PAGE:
The revocation of net neutrality is a free-marketeer’s fantasy made truth, because it allows the extraction of revenue at yet another stage of network service.

How a non-neutral ’Net would work

Think of your Internet bill: you pay a set number of dollars per month for a theoretically constant level of access to data throughput from your point of presence, to which taxes, fees, and (in some cases) overage charges are added.

Content publishers work under substantively similar contracts. What none of these contracts do is specify how network traffic is to be handled over backbones — the long stretches of fiber between the local networks that connect the Interneet’s various hosts. Revocation of net neutrality ends that interdict, which then puts access to those in-between pipes on the market.

The basic ethical underpinning of the notion of ending net neutrality is a fair question: the backbone providers have sunk capital into their plant, so why shouldn’t they be allowed to maximize their revenue from that investment?

Checks and balances

I see three problems with any simple answer to that question:

The population of Internet content consumers is already subject to an ethically odious condition: a single household or business is limited to as few as two vendor choices for terrestrial network access. That’s not competition, it’s travesty.

Future abuses, meanwhile, might result in the freezing-out of some content publishers altogether. My personal nightmare is the institution of auctions for time-limited network quality-of-service agreements, which in the worst case could drive some content publishers out of business. Refusal to legislate and enforce transparency of such agreements is another, only slightly less stark nightmare.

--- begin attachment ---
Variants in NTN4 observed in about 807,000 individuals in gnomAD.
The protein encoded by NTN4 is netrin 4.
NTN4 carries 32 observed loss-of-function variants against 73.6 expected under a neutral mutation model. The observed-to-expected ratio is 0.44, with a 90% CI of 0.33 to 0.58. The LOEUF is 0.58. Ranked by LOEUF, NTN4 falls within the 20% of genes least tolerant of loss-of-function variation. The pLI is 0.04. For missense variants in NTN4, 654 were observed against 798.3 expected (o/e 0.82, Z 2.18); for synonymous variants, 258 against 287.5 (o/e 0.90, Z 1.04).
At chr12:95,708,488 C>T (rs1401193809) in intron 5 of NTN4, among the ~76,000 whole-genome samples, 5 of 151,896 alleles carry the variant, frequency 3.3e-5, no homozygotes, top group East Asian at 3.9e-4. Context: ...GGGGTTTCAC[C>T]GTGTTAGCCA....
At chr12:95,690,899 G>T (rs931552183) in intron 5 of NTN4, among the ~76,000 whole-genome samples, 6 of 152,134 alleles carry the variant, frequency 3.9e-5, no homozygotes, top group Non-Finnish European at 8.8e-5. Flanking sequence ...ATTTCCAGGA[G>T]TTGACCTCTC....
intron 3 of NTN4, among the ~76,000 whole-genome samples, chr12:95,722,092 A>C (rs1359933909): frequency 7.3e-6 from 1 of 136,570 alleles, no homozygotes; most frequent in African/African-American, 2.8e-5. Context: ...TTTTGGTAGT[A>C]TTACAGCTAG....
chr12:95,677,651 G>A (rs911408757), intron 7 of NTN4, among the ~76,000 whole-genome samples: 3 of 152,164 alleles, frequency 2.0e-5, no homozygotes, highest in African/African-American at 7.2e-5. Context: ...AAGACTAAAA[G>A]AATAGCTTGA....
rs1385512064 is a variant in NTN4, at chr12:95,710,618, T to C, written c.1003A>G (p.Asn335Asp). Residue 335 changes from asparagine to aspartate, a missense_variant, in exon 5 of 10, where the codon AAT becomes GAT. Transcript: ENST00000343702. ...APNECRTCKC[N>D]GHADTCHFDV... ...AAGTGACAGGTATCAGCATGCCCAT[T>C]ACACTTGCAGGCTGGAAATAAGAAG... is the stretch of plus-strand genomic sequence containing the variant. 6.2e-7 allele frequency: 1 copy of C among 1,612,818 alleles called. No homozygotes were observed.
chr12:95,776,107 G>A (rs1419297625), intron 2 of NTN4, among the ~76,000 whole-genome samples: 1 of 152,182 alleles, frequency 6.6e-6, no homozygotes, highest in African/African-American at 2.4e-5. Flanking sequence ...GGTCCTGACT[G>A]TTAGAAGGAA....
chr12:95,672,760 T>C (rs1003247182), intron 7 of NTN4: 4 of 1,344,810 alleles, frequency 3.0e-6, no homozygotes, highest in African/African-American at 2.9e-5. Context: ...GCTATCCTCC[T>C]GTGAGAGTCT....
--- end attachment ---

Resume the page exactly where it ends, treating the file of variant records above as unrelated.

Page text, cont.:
Doom or justice?

…I come down on the side of doom. The better part of the Congress has cynically refused to show any will to protect net neutrality, the courts have toed the line of the free-market ethos I described above, and the Executive lacks the electorate’s goodwill in sufficient quantity to effectively guide policy.

I see one way away from doom: push for the addition of mobile phone, terrestrial data, and basic cable television access to the stable of publicly regulated utilities. This is only a partial solution in states where the PUCs and responsible legislative committees are in thrall to the whims of the utilities, but at least it offers some counterweight to the risk of market abuse.

Music

Lemon Demon, “The Ultimate Showdown of Ultimate Destiny”
@lemondemon.com
@youtube
@wikipedia

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Net Neutrality, or the Lack Thereof

Net Neutrality, or the Lack Thereof —by Ben Henick, 6 August 2010

Job, or hell?

Yesterday I happened on two links. (Good grief, I love the Web.) The first is an e-mail alideshow of sorts aimed at the guts of some hypocrite named Spencer, the author’s (erstwhile imaginary) boss. The second is an article in Slate discussing the (un-) desirability of low- to mid-level service jobs.

…And then there’s the story of the flight attendant who on Monday found a spectacular way to say “take this job and shove it” after being verbally assaulted at length by a passenger.

All three pieces are a kick. Reading them in rapid succession, as I did yesterday afternoon, is a kick in the guts. The article about jobs-in-general particularly evoked from me a visceral response.